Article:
Social media has ruined our planet.

The rules of common decency have become as irrelevant as Miller Genuine Draft, Atari and comedy that doesn’t emphasize poop jokes.

If you offer an opinion someone doesn’t agree with on Twitter, lock your kids, wife and dog in a safe house. And for the love of God, cover your ears and eyes.

The things people threaten to do on Twitter would make the inmates on “Oz” blush.

But it’s not just “Twitter tough” that shows the decline of the human species.

There’s the utter idiocy on Facebook, from posts that make you shake your head to photos that make you feel dumber just looking at them.

But all of the stupidity did get me thinking: What are the top moments ruined by social media?

This is a tough one, because there are so many to choose from.

Ellen Twitter photo

The first is the photo from Ellen that broke Twitter at the Academy Awards.

There’s nothing like a bunch of self-important narcissists getting dolled up to rub noses with each other. But that photo was the horseradish on the side of an exquisite prime rib. It was the photo that marked the true low-point.

I usually like Ellen, but to sink to that level to impress the crowd was so Justin Bieber of her. The two look alike, don’t they?

No thanks.

Give me Billy Crystal, Jon Stewart or Robin Williams who are true comedians and don’t need to use such antics to gain credibility or get laughs.

“Hey look, I broke Twitter. Tee-hee.”

Speaking of that lesbian Justin Bieber and those who follow him, those clueless rats known as Beliebers. If it weren’t for social media, the no-talent, self-entitled Canadian would be a has-been by now. Thanks Usher.


Perhaps if his moronic fans picked up a newspaper or went to class instead of getting their news from YouTube, they would know what a DUI is. Or perhaps they could put in the extra effort to visit Google and find out that way.

One is safe to assume those same mental midgets are mothers who take selfies for their daughters on Facebook, Pinterest, Tumblr or Flickr. Or, mothers who take selfies with their kids in the shots and still share them.

Those are the same People in and around Boston who want to be a modern-day “Magnum P.I.”

In the aftermath of the Boston Bombing on April 15, people went online in an effort to find the perpetrators. Of course, many innocent people were wrongly implicated in this digital vigilantism. Here’s a word of advice for those folks: Just because you own a smartphone and Twitter account doesn’t mean you’re a cop.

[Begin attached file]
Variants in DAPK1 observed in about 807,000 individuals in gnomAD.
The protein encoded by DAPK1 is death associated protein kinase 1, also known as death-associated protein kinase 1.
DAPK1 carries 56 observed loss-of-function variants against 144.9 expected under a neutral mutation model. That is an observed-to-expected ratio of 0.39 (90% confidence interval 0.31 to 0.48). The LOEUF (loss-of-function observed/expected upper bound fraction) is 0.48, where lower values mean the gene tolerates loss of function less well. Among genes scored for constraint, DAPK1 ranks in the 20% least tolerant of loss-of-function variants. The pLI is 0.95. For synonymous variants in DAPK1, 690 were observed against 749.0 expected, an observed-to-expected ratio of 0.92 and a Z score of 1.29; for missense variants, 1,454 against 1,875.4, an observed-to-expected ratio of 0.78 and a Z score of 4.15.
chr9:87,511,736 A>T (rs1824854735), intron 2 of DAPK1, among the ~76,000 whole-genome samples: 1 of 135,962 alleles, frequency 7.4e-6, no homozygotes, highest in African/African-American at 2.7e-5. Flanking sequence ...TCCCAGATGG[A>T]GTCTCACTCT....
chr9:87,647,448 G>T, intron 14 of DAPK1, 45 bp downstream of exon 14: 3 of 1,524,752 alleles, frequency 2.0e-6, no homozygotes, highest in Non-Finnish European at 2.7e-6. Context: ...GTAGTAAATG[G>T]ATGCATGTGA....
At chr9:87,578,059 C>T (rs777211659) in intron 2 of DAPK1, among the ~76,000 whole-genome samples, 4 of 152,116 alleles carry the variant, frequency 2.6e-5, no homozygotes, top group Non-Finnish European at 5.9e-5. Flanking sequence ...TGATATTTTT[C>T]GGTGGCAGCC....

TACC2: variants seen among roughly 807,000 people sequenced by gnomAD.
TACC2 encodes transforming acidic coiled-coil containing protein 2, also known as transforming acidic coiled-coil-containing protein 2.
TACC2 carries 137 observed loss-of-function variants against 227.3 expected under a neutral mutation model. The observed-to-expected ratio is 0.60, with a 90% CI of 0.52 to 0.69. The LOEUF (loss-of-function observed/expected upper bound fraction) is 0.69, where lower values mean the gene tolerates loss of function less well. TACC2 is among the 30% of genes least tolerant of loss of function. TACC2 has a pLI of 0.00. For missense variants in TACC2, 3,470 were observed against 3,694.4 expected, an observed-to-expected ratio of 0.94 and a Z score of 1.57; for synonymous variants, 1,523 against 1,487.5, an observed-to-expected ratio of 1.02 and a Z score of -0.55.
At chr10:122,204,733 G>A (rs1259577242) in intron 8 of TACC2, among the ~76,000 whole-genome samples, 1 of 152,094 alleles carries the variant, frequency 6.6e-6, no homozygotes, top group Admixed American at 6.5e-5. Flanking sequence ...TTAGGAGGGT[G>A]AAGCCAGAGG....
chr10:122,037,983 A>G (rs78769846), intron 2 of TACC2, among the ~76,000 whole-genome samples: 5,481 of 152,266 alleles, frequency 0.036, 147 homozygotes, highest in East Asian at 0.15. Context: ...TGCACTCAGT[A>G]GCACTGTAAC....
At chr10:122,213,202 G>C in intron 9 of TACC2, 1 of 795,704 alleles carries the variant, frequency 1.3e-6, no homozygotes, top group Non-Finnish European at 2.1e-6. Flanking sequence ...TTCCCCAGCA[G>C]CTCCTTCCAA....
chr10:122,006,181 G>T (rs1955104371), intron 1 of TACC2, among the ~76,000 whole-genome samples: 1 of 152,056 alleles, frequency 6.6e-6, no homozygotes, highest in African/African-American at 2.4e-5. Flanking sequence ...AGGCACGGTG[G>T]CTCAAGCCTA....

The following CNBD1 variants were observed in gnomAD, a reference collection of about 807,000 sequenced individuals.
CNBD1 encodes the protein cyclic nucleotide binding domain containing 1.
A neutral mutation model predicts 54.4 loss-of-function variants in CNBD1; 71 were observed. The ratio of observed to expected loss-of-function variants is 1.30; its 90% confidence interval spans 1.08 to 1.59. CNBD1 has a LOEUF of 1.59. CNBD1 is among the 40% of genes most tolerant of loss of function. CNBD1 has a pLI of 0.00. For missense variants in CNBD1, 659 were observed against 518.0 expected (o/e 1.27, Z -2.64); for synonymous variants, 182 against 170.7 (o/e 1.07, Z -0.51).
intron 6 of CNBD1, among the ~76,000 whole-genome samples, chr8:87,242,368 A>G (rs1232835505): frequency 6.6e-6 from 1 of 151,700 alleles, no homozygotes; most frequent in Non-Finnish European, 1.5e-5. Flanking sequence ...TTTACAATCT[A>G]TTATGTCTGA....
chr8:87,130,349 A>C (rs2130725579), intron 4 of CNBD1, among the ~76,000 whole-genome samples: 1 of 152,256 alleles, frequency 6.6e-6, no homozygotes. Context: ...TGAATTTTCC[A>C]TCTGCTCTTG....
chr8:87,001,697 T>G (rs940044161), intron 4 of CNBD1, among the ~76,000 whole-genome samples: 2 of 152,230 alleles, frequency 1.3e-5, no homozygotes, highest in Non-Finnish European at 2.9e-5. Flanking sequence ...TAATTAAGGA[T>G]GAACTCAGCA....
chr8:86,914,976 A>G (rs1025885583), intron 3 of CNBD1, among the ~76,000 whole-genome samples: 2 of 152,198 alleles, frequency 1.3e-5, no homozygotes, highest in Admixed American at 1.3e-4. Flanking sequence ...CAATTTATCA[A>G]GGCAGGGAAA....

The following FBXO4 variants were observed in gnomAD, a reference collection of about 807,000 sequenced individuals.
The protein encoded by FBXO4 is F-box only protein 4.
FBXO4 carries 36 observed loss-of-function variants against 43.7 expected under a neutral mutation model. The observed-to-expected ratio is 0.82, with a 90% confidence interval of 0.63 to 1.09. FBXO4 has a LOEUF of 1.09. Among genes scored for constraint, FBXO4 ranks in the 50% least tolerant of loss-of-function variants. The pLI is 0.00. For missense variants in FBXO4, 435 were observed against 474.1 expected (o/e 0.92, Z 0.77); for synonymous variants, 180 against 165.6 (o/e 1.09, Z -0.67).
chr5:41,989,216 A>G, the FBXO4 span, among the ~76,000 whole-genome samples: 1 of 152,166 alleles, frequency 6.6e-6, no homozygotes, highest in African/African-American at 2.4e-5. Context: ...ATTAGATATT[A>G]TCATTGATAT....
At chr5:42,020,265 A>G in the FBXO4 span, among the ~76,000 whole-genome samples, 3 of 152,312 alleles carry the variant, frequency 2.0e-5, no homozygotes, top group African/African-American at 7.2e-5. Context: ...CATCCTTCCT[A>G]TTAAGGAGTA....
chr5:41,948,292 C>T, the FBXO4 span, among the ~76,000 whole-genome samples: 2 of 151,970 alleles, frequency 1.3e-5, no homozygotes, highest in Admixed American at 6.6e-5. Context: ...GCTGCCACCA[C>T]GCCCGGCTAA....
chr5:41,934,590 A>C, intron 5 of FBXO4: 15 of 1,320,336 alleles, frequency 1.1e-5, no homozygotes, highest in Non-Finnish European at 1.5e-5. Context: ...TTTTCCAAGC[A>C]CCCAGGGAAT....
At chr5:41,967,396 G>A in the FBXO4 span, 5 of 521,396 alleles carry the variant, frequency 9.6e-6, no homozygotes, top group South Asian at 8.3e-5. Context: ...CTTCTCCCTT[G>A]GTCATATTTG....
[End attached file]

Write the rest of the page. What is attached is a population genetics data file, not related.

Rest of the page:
It’s just silly. Next time the authorities should tell them, “No thanks. We have this under control. Go back to misspelling three-letter words on Twitter.”

And then there’s this: Scott Simon, host of “Weekend Edition” tweeting the final moments of his mother’s life in July 2013.


He should be there for his mother, holding her hand, kissing her, telling her how much he loves her and how much she means to him. Instead, this heartless asshole takes to Twitter before she even dies.

“Hold on mom, let me Tweet your final words to my followers. Wait, what did you say again? Wanna take a photo really quick?”

Was it to gain more followers? Did he spit all over what should have been a special, kindred moment so he could trend on Twitter?

Simon just couldn’t wait until his mom died to pick up his phone and take to social media. Good to know what really matters in his life.

The next one shows how addicted people are to the medium of social media: People who get upset if they see a spoiler for TV shows or sporting events.

Think about this: If you know you can’t watch a show or game live, why would you take to social media knowing full well people will talk about said show or game? What is truly amazing is when these same people respond to the person who spoiled it and get upset, thus the whole “Twitter tough” persona begins once again.

One of the best lines ever is from comedian Ron White.

“You can’t fix stupid.”

With the advent of social media, there is no fix or end in sight.